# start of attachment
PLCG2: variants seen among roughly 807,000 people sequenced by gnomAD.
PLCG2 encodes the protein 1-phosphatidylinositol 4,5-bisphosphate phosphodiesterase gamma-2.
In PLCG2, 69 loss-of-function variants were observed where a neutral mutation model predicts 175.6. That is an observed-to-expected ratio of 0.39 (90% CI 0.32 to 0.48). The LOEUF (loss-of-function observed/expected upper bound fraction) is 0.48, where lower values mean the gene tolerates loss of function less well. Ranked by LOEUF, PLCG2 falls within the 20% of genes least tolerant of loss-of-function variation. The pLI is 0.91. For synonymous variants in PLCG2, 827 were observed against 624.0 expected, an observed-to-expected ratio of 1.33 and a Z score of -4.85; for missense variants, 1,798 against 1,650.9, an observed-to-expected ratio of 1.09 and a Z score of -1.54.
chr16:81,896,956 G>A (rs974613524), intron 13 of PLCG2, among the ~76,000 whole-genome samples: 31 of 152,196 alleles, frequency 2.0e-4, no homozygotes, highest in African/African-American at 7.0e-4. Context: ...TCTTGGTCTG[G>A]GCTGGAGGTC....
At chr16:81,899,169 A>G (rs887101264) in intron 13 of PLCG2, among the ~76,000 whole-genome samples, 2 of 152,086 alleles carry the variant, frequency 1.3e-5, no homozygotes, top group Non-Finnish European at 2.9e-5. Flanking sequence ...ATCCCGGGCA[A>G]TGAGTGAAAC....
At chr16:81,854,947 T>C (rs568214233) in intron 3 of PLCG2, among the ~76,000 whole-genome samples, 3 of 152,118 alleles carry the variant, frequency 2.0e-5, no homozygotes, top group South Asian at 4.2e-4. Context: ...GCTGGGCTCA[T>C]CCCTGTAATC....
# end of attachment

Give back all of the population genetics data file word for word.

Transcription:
PLCG2: variants seen among roughly 807,000 people sequenced by gnomAD.
PLCG2 encodes the protein 1-phosphatidylinositol 4,5-bisphosphate phosphodiesterase gamma-2.
In PLCG2, 69 loss-of-function variants were observed where a neutral mutation model predicts 175.6. That is an observed-to-expected ratio of 0.39 (90% CI 0.32 to 0.48). The LOEUF (loss-of-function observed/expected upper bound fraction) is 0.48, where lower values mean the gene tolerates loss of function less well. Ranked by LOEUF, PLCG2 falls within the 20% of genes least tolerant of loss-of-function variation. The pLI is 0.91. For synonymous variants in PLCG2, 827 were observed against 624.0 expected, an observed-to-expected ratio of 1.33 and a Z score of -4.85; for missense variants, 1,798 against 1,650.9, an observed-to-expected ratio of 1.09 and a Z score of -1.54.
chr16:81,896,956 G>A (rs974613524), intron 13 of PLCG2, among the ~76,000 whole-genome samples: 31 of 152,196 alleles, frequency 2.0e-4, no homozygotes, highest in African/African-American at 7.0e-4. Context: ...TCTTGGTCTG[G>A]GCTGGAGGTC....
At chr16:81,899,169 A>G (rs887101264) in intron 13 of PLCG2, among the ~76,000 whole-genome samples, 2 of 152,086 alleles carry the variant, frequency 1.3e-5, no homozygotes, top group Non-Finnish European at 2.9e-5. Flanking sequence ...ATCCCGGGCA[A>G]TGAGTGAAAC....
At chr16:81,854,947 T>C (rs568214233) in intron 3 of PLCG2, among the ~76,000 whole-genome samples, 3 of 152,118 alleles carry the variant, frequency 2.0e-5, no homozygotes, top group South Asian at 4.2e-4. Context: ...GCTGGGCTCA[T>C]CCCTGTAATC....